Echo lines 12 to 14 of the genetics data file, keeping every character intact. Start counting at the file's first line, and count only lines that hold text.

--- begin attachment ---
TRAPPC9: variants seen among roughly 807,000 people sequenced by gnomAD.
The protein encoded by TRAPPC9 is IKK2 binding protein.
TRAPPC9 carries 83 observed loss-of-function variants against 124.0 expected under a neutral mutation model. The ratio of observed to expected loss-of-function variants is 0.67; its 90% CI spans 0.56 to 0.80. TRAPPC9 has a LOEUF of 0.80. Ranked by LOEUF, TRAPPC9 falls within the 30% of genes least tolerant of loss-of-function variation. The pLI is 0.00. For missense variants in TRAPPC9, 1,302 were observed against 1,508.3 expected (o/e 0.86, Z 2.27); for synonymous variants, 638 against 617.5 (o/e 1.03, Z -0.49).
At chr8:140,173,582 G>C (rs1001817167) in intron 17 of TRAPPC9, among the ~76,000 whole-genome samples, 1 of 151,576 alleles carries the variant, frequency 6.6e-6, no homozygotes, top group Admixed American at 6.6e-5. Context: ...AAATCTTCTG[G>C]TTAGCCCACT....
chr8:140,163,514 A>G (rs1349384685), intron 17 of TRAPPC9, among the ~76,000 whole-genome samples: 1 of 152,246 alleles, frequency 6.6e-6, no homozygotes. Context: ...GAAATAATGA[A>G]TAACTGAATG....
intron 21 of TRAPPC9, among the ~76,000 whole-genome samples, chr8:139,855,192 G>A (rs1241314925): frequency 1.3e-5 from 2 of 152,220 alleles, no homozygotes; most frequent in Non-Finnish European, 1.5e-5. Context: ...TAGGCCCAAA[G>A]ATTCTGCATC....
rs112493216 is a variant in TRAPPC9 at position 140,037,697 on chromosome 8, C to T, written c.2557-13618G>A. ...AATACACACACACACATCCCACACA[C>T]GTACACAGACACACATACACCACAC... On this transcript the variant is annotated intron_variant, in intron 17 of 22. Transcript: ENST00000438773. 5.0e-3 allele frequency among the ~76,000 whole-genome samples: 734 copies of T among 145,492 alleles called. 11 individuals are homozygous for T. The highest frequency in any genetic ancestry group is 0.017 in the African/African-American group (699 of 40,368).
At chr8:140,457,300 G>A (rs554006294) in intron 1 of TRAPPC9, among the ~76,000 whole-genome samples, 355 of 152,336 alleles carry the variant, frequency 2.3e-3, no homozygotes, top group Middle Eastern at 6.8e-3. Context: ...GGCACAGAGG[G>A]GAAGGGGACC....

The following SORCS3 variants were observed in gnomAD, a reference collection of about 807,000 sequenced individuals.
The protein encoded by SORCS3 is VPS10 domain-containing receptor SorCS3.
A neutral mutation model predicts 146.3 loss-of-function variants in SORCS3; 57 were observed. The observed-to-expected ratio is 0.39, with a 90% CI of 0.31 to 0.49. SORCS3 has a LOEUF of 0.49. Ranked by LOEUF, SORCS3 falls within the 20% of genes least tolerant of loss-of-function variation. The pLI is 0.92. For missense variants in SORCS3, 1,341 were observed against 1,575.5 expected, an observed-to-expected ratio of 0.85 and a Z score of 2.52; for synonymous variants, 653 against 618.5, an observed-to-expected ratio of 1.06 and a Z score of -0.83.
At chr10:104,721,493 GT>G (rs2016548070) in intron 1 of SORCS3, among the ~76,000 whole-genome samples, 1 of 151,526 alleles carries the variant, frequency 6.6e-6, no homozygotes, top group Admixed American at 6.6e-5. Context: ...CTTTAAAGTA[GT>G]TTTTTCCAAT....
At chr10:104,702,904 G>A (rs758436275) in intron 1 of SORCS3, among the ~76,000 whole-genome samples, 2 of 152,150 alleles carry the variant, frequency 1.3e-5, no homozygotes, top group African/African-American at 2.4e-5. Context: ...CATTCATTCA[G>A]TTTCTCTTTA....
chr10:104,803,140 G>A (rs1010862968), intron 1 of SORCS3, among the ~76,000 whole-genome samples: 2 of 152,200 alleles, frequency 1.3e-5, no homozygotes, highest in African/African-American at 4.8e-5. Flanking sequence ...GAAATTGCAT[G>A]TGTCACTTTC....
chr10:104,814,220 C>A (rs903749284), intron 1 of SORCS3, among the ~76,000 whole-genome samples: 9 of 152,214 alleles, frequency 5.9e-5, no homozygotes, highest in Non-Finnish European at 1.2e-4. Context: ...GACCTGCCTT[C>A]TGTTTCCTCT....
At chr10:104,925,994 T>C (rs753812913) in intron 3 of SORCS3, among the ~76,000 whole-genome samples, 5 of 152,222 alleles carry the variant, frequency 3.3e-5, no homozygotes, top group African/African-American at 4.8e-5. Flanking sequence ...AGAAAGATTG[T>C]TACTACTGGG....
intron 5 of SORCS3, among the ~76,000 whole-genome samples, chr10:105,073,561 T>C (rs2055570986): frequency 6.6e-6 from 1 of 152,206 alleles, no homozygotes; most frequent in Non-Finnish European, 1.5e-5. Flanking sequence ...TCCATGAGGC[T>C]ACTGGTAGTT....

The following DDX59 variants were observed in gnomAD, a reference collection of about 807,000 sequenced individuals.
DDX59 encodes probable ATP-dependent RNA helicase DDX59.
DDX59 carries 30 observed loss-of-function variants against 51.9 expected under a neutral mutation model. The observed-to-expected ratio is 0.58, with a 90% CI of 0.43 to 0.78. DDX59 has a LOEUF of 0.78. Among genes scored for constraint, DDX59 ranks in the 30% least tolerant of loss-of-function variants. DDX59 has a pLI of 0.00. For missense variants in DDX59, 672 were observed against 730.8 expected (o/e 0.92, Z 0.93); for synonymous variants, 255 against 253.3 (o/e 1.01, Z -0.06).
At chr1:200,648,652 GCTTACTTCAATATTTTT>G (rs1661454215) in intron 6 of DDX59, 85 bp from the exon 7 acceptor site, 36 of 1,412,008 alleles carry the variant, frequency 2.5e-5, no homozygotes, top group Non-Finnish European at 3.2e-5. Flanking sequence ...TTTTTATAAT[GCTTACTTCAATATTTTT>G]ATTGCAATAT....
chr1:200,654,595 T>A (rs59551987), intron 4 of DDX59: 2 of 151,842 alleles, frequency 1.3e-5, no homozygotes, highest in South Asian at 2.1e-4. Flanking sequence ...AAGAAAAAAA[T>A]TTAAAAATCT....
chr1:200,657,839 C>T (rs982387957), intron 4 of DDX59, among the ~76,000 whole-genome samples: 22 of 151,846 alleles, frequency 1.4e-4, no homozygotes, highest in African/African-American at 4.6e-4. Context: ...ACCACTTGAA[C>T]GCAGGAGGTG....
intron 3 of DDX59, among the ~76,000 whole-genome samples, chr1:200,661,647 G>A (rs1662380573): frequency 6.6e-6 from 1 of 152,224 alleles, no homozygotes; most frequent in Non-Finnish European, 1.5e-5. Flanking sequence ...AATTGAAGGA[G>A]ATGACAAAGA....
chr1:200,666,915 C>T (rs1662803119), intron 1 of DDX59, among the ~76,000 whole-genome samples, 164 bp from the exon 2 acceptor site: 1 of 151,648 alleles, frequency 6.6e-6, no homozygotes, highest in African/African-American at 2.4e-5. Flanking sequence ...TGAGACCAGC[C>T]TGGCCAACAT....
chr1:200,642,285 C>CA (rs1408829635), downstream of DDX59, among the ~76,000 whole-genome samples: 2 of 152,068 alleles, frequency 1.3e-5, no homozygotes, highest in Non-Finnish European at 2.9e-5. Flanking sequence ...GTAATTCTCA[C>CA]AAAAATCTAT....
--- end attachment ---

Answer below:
At chr10:104,721,493 GT>G (rs2016548070) in intron 1 of SORCS3, among the ~76,000 whole-genome samples, 1 of 151,526 alleles carries the variant, frequency 6.6e-6, no homozygotes, top group Admixed American at 6.6e-5. Context: ...CTTTAAAGTA[GT>G]TTTTTCCAAT....
At chr10:104,702,904 G>A (rs758436275) in intron 1 of SORCS3, among the ~76,000 whole-genome samples, 2 of 152,150 alleles carry the variant, frequency 1.3e-5, no homozygotes, top group African/African-American at 2.4e-5. Context: ...CATTCATTCA[G>A]TTTCTCTTTA....
chr10:104,803,140 G>A (rs1010862968), intron 1 of SORCS3, among the ~76,000 whole-genome samples: 2 of 152,200 alleles, frequency 1.3e-5, no homozygotes, highest in African/African-American at 4.8e-5. Flanking sequence ...GAAATTGCAT[G>A]TGTCACTTTC....